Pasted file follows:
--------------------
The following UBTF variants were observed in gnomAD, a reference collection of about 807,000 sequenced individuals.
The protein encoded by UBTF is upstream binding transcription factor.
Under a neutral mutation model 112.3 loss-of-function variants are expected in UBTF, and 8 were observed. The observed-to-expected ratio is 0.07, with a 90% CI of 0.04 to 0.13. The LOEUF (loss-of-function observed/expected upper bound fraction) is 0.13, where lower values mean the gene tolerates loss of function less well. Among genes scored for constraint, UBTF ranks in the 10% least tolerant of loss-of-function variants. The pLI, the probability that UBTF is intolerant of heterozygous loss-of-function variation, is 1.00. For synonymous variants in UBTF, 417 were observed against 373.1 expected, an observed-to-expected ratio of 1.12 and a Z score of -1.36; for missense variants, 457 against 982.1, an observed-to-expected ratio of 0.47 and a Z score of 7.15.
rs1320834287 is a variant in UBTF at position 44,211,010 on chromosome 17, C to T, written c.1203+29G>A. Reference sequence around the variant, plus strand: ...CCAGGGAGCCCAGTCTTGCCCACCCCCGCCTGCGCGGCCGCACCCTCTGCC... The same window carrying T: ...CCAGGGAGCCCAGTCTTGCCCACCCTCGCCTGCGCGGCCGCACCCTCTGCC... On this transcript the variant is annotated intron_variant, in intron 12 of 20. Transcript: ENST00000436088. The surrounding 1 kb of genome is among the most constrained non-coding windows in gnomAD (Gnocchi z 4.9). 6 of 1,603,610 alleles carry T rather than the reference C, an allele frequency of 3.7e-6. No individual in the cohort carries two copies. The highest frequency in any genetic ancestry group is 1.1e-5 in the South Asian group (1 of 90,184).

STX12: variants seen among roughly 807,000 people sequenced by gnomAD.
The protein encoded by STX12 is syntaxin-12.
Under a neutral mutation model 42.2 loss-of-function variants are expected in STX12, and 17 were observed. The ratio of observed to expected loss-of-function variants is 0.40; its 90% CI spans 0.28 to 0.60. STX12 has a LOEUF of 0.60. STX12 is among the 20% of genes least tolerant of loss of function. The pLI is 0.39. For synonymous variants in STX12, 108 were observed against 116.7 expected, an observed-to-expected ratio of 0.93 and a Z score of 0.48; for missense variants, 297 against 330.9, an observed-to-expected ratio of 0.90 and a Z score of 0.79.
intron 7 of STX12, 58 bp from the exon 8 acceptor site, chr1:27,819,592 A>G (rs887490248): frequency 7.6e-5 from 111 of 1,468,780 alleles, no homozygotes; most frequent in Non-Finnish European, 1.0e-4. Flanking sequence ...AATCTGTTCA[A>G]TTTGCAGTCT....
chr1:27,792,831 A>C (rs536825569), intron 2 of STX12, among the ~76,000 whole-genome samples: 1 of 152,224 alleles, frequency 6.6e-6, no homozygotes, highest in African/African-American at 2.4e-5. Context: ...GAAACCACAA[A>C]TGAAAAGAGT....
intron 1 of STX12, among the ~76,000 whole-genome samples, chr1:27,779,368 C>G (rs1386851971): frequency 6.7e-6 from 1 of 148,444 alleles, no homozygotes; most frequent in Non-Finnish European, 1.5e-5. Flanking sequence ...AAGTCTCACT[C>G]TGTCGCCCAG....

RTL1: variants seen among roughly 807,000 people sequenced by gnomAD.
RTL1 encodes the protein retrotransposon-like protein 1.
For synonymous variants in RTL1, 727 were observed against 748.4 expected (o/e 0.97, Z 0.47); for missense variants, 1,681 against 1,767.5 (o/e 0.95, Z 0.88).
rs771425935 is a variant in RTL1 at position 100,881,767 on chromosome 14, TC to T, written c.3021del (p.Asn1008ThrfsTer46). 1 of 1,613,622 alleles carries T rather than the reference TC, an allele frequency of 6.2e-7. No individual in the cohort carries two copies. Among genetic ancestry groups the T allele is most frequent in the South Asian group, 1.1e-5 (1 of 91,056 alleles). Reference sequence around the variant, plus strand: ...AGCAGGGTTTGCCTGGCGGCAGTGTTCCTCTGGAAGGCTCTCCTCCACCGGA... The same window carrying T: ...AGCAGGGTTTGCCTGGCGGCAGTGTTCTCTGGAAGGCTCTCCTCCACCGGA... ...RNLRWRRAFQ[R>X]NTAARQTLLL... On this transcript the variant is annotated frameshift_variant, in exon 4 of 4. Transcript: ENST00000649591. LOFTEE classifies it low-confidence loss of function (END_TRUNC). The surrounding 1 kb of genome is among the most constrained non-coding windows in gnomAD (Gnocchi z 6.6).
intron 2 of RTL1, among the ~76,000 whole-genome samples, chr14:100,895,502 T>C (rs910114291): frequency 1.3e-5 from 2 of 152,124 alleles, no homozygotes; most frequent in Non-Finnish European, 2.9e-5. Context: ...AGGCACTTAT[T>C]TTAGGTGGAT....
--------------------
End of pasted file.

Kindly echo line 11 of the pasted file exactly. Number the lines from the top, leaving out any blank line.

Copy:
RTL1: variants seen among roughly 807,000 people sequenced by gnomAD.